Study and Group Work Skills
English Language with Foundation Year
Salford School of Arts, Media and Creative Technology
In a nutshell
The foundation year of this four year programme will equip you with the skills and knowledge to progress on to one of our English degree programmes.
Language is a fundamental part of what makes us human, but how often do we stop and think about it? It’s a crucial tool for us to be able to comprehend and communicate our understanding of the world around us, demanding discipline, observation and imagination. Sound interesting? If so, our BA (Hons) English Language wtih Foundation Year course is the right option for you.
Designed to delve into the varieties and histories of the English language, this course will give you the training you need to understand how the written and spoken word is structured and acquired. Analysing the English language from a range of perspectives, you’ll also explore how linguistics vary across regions, and how language helps us to form our identities and influence social change.
Interested in learning more about our English language courses? Why not sign up to our upcoming Open Day
- Prepare to progress onto one of our English degree programmes
- Appreciate how the study of English language draws on and informs other academic disciplines, such as psychology, sociology, and communication
- Learn from a dedicated team of internationally recognised researchers with an excellent track record in research-led teaching and student support
- Develop skillsets and knowledge that will provide instant value to future employers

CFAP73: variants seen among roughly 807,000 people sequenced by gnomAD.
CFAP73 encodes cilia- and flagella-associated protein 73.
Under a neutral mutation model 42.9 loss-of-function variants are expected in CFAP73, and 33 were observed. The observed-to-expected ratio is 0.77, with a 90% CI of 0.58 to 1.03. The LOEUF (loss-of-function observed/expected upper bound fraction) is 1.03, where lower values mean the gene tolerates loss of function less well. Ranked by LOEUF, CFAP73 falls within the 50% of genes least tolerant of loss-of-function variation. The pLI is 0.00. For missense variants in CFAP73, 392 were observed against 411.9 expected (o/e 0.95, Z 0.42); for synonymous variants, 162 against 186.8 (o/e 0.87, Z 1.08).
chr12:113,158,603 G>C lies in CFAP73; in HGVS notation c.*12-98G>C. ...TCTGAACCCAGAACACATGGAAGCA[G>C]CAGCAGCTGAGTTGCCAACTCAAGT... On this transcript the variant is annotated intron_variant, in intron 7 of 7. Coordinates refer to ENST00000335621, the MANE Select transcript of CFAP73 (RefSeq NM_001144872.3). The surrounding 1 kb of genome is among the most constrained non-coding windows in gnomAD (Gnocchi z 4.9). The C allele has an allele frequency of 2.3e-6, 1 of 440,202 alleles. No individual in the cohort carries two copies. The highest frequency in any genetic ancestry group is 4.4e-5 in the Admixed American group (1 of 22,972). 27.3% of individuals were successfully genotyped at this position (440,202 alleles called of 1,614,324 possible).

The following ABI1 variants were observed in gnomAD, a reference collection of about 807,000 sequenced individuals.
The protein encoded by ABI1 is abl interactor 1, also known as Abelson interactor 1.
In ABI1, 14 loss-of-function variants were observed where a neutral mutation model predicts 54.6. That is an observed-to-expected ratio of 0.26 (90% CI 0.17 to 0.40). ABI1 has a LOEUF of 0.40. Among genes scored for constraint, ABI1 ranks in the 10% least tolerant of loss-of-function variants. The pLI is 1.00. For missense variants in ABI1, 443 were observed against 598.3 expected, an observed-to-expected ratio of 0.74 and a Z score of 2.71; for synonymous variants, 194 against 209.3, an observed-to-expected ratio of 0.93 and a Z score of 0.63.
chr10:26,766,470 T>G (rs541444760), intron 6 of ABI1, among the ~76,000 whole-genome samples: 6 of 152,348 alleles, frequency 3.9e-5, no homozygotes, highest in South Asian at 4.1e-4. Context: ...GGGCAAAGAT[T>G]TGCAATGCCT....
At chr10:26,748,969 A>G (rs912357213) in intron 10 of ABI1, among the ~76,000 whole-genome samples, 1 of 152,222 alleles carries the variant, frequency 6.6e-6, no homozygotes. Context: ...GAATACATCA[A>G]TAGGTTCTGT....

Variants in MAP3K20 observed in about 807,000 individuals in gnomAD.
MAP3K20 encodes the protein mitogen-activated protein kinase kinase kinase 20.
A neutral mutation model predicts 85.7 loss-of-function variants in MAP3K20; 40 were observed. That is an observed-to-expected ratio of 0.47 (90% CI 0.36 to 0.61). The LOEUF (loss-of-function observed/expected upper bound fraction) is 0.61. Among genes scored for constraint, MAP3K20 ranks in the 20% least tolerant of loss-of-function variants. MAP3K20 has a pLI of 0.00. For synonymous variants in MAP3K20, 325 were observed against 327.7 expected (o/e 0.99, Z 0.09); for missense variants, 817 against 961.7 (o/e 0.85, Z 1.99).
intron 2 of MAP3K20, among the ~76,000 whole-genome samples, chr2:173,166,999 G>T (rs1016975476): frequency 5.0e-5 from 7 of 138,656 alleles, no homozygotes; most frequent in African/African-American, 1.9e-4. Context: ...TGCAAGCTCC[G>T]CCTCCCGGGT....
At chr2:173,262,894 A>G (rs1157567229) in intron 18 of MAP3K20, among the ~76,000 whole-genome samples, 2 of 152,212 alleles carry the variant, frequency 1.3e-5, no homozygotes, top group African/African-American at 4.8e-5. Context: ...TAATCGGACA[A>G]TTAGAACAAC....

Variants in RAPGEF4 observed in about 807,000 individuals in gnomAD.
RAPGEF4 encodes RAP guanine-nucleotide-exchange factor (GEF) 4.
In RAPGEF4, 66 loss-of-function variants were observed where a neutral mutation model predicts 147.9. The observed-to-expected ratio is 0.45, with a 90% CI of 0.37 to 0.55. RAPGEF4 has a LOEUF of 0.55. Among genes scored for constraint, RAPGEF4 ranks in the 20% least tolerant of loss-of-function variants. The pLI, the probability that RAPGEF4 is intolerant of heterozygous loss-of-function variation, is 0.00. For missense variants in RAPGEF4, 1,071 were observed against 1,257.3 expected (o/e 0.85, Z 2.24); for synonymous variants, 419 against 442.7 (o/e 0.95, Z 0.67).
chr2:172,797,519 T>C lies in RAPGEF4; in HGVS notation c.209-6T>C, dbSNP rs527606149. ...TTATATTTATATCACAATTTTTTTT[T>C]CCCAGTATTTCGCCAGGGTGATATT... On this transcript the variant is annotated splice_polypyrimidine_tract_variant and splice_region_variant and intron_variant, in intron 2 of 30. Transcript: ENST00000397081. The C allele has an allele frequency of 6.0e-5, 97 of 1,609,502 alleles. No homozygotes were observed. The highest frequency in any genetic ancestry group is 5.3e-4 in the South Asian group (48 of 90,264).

This is for you if...
You are fascinated by the spoken word and want to develop your understanding of how we structure and acquire language.
You’re well-read and have a keen desire to deepen your skills in critical analysis.
You want to advance your knowledge and skill sets to establish a professional career in the creative industry.
All about the course
The flexible structure of this course is designed to give you a thorough foundation in English language in the first year of study, and then to allow you to specialise or to study the full breadth of the subject in the second and third years. This flexibility allows you to tailor your degree to suit your developing interests and career goals.
This English language degree will deepen your understanding of the fundamentals of language, its historical development, and its role in constructing identities, social relations and practices.
As you move into the second and third year of your degree, you’ll be given the chance to specialise in the areas of language that interest you most, tailoring your studies to your personal aspirations and career goals. You’ll study language in a unique range of contexts, from the psychology of linguistics to child development. You’ll also broaden your learning experiences with modules in related subjects like English literature and creative writing.
Do you want to expand your academic experience even further? If so, this course also offers the opportunity to undertake language study as part of the University Wide Language Programme (UWLP). Languages currently on offer include Arabic, Chinese, French, German, Italian, Japanese, Spanish and British Sign Language.
If you want to find out more about what each of our English language modules involve, take a look at our full course breakdown below.
This module is designed to equip a student with an appropriate set of study skills and study habits to ensure that they will be able to transition successfully to their chosen route of academic study for a university undergraduate programme.